I had written and rewritten this post a couple of times over. After going through this process a couple of times over, I just felt that I should keep everything simple and go over some of the numbers.
Up until Juan Agudelo's goal in the 54th minute, the New England Revolution had been winning the possession game by a ratio of 64:36. Unfortunately for the Revs, all of that possession had only lead to 4 shots. Out of all the shots, only Kelyn Rowe's sneaky attempt from the top of the box in the 38th minute was on target and only Chris Tierney's shot in the 35th minute was taken from inside the box. The Fire attack was non-existent on Saturday, but the Fire defense was holding it's shape and keeping the Revs locked down. Here is the shot chart for New England up until the first goal:
Of course, once the Fire were down a goal, they had no choice but to push for an equalizer, leaving themselves vulnerable to counter attacks. Below is New England's shooting once they had the lead.
After the Agudelo goal, it felt like everything just unraveled for the Fire. The team was down a goal on the road against a playoff opponent, and they lost their composure. The game got physical and heated and there was a lot of extra curricular talking going on. With the entire season basically on the line, the Fire couldn't keep it together.
It's not over yet, but the climb out of the bottom just got much steeper.
Mike Magee got involved in the games fairly early but disappeared in the second half.
Below is Magee's passing chart for the game.
Mike Magee completed 12 out of 32 passes. Majority all of Mike's passes are going forward. Usually I equate forwards passes as trying to be on the offensive. Offensive or not, Magee completing less than 40% of his passes (37.5% to be exact) is very low and not the norm. I'm not sure what could be blamed for it. There is not a way on the MLS Chalkboard to tell who the passes were intended to. Were most of these passes targeted to Jaun Luis Anangonó and he an Magee are just not use to each other yet? Was it the turf? Mr. Spence was wondering if Magee was still not fully recovered from his injury. Maybe it is a little of everything. Whatever it is, it is disconcerting.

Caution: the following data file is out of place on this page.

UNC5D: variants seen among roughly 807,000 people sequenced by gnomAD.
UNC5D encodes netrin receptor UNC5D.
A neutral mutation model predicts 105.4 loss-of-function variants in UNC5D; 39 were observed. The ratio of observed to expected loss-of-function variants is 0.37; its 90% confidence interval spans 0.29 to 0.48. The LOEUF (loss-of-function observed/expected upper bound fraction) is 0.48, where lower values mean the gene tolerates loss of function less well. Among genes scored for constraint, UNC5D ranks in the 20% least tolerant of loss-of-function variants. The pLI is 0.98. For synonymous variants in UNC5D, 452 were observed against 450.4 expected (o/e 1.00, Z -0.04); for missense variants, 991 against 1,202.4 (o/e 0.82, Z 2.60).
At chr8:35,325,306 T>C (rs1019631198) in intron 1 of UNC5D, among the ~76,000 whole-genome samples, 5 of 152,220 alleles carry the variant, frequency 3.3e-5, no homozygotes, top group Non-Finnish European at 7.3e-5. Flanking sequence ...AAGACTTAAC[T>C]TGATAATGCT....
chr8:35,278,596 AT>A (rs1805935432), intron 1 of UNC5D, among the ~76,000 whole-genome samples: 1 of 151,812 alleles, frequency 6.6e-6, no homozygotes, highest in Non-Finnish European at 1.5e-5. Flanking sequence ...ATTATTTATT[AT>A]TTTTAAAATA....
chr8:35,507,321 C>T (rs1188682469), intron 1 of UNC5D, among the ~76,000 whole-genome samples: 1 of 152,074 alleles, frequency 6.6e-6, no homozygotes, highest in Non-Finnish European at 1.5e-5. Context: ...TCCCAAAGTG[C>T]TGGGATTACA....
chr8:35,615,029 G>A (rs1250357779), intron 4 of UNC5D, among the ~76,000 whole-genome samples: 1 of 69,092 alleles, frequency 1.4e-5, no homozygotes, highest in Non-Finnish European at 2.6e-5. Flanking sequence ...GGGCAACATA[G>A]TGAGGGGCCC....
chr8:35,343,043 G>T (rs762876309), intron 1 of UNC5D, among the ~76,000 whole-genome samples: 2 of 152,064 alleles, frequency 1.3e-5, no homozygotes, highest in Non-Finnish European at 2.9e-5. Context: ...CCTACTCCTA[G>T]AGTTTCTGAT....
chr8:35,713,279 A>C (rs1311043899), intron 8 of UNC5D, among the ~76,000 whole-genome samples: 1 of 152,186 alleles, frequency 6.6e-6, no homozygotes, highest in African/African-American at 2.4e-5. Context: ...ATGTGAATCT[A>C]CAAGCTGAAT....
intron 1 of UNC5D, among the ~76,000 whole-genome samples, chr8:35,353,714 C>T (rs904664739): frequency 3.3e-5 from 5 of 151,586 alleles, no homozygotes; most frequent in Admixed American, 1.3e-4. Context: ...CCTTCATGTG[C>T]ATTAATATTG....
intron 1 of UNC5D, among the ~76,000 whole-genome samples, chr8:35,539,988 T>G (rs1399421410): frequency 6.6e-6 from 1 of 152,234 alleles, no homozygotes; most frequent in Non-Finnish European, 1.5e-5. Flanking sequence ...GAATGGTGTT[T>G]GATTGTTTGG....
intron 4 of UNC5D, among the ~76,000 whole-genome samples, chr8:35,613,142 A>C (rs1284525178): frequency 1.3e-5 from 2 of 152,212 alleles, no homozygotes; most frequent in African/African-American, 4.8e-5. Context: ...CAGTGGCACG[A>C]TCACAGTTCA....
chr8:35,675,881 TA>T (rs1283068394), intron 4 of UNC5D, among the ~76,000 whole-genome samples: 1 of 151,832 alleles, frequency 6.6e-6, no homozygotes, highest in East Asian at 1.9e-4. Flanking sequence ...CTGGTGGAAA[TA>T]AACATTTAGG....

Duka was by far the most dangerous midfielder for the Fire on Saturday. he was 17 out of 26 for passing and had 2 key passes. He also took on Revolution players with 2 successful dribbles. Unfortunately, he also had 4 unsuccessful dribbles. Still, it's nice to see Dilly to have the confidence and the gumption to take players on.
Egidio Arévalo Rios
Arévalo Rios had a pretty good debut for the Fire. One observation about Arévalo Rios is that he has a pretty crazy vertical leap. He is 5'6", and, on Saturday night, won a couple of headers against players taller than him.
Arévalo Rios made very few mistakes with the ball completing 39 out of 42 passes. He also brought that defensive grit that was expected. On the night he had 2 tackles, 3 interceptions, 5 recoveries and a clearance.
Lee Nguyen is easily on of the more underrated midfielders in the league. Most of the Revolution attack passes through him. He was 58 of 71 passing with 3 key passes. Nguyen also lead the team in recoveries with 10.
This guy looks to have a promising future. While all of the Revolution attack passes through Nguyen, much of the attack starts with Caldwell. With players like Chris Tierney and Andrew Farrel covering the flanks, Caldwell takes care of the center of the field. He was second on the team with recoveries with 7. He also had a tackle, a block and a clearance.
As a defensive midfielder, Caldwell took care of the ball, going 62 out of 68 on passing.